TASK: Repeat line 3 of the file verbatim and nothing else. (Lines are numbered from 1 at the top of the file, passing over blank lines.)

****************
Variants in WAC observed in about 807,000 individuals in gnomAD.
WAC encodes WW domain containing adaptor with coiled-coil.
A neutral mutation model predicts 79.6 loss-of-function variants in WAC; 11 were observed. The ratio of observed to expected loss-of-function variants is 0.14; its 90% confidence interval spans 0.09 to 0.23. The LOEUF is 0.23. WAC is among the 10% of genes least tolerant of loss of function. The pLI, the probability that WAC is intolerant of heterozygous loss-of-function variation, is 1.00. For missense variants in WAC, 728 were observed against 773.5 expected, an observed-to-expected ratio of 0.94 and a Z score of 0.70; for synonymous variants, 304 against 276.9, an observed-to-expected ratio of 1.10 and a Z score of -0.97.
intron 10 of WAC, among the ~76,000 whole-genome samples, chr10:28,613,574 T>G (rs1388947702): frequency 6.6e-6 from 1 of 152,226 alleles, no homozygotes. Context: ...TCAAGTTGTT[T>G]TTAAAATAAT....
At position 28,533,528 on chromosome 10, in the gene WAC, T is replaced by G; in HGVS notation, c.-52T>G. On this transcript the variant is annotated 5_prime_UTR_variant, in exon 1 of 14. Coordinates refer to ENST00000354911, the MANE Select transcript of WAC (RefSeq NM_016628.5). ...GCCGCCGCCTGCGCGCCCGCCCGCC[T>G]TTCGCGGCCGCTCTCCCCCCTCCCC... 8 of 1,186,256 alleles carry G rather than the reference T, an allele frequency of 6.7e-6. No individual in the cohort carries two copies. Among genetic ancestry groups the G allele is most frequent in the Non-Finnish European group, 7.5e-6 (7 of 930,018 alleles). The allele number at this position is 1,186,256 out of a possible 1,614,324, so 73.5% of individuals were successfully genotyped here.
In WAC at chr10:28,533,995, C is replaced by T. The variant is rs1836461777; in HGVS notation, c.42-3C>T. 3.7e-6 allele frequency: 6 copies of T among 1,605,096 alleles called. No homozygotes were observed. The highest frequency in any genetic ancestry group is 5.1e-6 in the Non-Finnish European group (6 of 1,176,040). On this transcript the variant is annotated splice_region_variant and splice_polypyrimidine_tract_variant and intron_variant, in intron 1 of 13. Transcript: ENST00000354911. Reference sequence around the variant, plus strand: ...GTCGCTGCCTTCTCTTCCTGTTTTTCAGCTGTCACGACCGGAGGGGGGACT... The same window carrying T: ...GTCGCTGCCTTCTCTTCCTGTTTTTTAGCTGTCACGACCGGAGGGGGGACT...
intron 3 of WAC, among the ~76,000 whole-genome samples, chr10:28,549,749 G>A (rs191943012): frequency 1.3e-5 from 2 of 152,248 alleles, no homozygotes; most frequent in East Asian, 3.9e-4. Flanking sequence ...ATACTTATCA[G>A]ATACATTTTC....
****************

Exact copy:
A neutral mutation model predicts 79.6 loss-of-function variants in WAC; 11 were observed. The ratio of observed to expected loss-of-function variants is 0.14; its 90% confidence interval spans 0.09 to 0.23. The LOEUF is 0.23. WAC is among the 10% of genes least tolerant of loss of function. The pLI, the probability that WAC is intolerant of heterozygous loss-of-function variation, is 1.00. For missense variants in WAC, 728 were observed against 773.5 expected, an observed-to-expected ratio of 0.94 and a Z score of 0.70; for synonymous variants, 304 against 276.9, an observed-to-expected ratio of 1.10 and a Z score of -0.97.